Joins in NoSQL database

Joins are hard to do in any distributed database. Even on distributed Sql databases. It is not that joins cannot be supported in a NoSql database. It is just that the database is not designed to be efficient for joins (I’ll explain why), and hence there is no point in supporting joins. Because if you want to do joins on a distributed database, you are incurring a lot of computational and operational overhead, and current thought is that it is usually easier to be clever and avoid having to do such joins. This can be achieved by either storing data in a denormalized way, or doing expensive joins as batch operations in a distributed way on a separate system (like Hadoop for example).

Before we go into why joins are hard on distributed databases, we should also see why people use NoSql databases in the first place. “NoSql” itself only means that the database does not support Sql queries. So they can be optimized for only a small subset of use cases. Generally, this use case is lookups by key or by a range of keys. This allows easy scaling by splitting the key-space into shards, and having a routing layer which redirects the query to the appropriate shard. So NoSql allows for a particular kind of query to be fast and the database to be scalable, but this comes at the cost of other functionality (ACID guarantees).

So why are joins hard on distributed database?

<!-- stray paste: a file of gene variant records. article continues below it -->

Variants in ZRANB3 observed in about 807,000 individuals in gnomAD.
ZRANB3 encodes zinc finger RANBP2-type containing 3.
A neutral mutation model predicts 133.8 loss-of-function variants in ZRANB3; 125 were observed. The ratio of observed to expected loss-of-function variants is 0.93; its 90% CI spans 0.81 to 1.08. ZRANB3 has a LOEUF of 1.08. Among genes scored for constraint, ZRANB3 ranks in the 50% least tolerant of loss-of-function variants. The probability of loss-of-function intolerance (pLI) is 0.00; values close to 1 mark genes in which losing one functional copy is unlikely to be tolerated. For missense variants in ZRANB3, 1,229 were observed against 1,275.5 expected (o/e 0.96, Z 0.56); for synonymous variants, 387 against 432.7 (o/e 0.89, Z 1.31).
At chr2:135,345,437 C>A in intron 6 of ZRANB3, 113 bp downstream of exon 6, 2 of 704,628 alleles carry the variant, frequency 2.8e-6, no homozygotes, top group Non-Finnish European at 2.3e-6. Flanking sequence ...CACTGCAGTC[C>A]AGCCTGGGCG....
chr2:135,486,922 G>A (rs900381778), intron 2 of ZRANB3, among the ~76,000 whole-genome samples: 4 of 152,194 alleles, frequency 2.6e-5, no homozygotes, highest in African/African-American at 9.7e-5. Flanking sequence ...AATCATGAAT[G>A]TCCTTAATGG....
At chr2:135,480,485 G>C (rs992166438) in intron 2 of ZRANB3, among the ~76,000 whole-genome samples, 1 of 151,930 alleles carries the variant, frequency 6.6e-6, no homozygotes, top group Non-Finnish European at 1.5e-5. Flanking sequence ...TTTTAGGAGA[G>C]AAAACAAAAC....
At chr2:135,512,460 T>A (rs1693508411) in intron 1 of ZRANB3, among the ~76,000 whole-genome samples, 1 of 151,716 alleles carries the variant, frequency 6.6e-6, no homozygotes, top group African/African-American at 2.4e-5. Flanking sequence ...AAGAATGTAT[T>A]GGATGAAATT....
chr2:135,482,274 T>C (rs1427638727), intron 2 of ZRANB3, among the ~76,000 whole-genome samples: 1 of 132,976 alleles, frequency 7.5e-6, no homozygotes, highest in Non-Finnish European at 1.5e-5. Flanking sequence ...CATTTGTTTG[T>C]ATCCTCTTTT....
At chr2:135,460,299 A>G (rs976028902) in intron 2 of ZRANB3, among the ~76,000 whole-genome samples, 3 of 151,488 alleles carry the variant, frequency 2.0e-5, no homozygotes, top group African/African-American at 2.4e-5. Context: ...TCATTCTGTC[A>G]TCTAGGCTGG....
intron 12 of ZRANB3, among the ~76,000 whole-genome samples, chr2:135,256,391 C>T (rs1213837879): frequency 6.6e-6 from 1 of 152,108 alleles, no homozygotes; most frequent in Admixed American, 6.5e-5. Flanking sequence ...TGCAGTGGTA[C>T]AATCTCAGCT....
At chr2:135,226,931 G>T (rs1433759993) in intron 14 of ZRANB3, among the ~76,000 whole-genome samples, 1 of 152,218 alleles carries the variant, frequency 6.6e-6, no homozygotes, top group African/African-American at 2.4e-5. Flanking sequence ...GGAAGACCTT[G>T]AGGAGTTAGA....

Say you want to join on field foo over tables A and B, you need to first support an index so that you can look up values in A and B by foo. The index creates a problem because the database only supports lookup by key, so the index must be another database that has key as the values in field foo and the value as the primary key of the database. This index might now be located on some other shard. Even if we can somehow guarantee that the index will reside on the same shard, this is still a complex operation.
The data for field foo in tables A and B might reside on different shards. So the join will then need to happen on a layer that sits above the distributed shards (the “broker”). This again makes the broker complex which defeats the purpose of simplicity and easy scalability of the database.
If it is not a distributed database, you could easily implement joins in the application layer on a key-value store if the key to be joined is the key for both tables. But if it is another field, then again you would need to maintain a separate index at which point you should think if you are just better off using Sql.



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